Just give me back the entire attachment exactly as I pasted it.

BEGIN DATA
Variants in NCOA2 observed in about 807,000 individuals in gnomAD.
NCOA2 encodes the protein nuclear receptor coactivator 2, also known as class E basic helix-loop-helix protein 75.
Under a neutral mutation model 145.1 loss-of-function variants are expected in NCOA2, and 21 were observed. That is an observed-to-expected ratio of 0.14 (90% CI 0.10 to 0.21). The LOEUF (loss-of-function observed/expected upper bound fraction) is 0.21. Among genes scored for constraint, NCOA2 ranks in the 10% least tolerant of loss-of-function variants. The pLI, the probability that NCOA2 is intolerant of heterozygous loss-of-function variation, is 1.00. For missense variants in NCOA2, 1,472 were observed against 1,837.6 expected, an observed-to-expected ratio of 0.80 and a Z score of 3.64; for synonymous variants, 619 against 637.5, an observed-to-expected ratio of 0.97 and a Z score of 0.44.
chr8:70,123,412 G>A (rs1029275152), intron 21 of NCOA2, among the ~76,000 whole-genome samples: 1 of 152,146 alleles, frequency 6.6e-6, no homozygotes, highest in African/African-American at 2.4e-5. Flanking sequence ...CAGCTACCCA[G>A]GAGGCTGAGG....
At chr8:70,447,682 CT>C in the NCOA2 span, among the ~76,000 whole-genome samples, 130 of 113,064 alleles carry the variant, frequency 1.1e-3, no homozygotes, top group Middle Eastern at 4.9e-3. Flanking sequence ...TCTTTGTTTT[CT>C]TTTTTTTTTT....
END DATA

Variants in NCOA2 observed in about 807,000 individuals in gnomAD.
NCOA2 encodes the protein nuclear receptor coactivator 2, also known as class E basic helix-loop-helix protein 75.
Under a neutral mutation model 145.1 loss-of-function variants are expected in NCOA2, and 21 were observed. That is an observed-to-expected ratio of 0.14 (90% CI 0.10 to 0.21). The LOEUF (loss-of-function observed/expected upper bound fraction) is 0.21. Among genes scored for constraint, NCOA2 ranks in the 10% least tolerant of loss-of-function variants. The pLI, the probability that NCOA2 is intolerant of heterozygous loss-of-function variation, is 1.00. For missense variants in NCOA2, 1,472 were observed against 1,837.6 expected, an observed-to-expected ratio of 0.80 and a Z score of 3.64; for synonymous variants, 619 against 637.5, an observed-to-expected ratio of 0.97 and a Z score of 0.44.
chr8:70,123,412 G>A (rs1029275152), intron 21 of NCOA2, among the ~76,000 whole-genome samples: 1 of 152,146 alleles, frequency 6.6e-6, no homozygotes, highest in African/African-American at 2.4e-5. Flanking sequence ...CAGCTACCCA[G>A]GAGGCTGAGG....
At chr8:70,447,682 CT>C in the NCOA2 span, among the ~76,000 whole-genome samples, 130 of 113,064 alleles carry the variant, frequency 1.1e-3, no homozygotes, top group Middle Eastern at 4.9e-3. Flanking sequence ...TCTTTGTTTT[CT>C]TTTTTTTTTT....